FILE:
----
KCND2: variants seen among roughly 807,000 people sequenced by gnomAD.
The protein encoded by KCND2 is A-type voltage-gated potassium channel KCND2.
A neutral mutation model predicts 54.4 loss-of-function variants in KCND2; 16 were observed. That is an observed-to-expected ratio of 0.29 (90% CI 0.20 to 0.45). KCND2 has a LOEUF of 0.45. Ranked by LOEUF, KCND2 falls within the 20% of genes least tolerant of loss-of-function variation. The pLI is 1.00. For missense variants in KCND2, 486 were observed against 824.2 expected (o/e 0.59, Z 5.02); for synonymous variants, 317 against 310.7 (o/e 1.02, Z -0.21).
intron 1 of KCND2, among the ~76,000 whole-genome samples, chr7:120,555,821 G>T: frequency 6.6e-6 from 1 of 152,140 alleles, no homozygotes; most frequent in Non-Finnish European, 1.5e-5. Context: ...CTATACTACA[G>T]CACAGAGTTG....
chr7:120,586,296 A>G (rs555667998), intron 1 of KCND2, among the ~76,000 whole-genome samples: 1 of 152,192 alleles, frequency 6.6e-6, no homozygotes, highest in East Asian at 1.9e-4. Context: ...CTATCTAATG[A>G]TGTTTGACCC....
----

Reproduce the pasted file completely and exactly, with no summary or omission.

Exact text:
KCND2: variants seen among roughly 807,000 people sequenced by gnomAD.
The protein encoded by KCND2 is A-type voltage-gated potassium channel KCND2.
A neutral mutation model predicts 54.4 loss-of-function variants in KCND2; 16 were observed. That is an observed-to-expected ratio of 0.29 (90% CI 0.20 to 0.45). KCND2 has a LOEUF of 0.45. Ranked by LOEUF, KCND2 falls within the 20% of genes least tolerant of loss-of-function variation. The pLI is 1.00. For missense variants in KCND2, 486 were observed against 824.2 expected (o/e 0.59, Z 5.02); for synonymous variants, 317 against 310.7 (o/e 1.02, Z -0.21).
intron 1 of KCND2, among the ~76,000 whole-genome samples, chr7:120,555,821 G>T: frequency 6.6e-6 from 1 of 152,140 alleles, no homozygotes; most frequent in Non-Finnish European, 1.5e-5. Context: ...CTATACTACA[G>T]CACAGAGTTG....
chr7:120,586,296 A>G (rs555667998), intron 1 of KCND2, among the ~76,000 whole-genome samples: 1 of 152,192 alleles, frequency 6.6e-6, no homozygotes, highest in East Asian at 1.9e-4. Context: ...CTATCTAATG[A>G]TGTTTGACCC....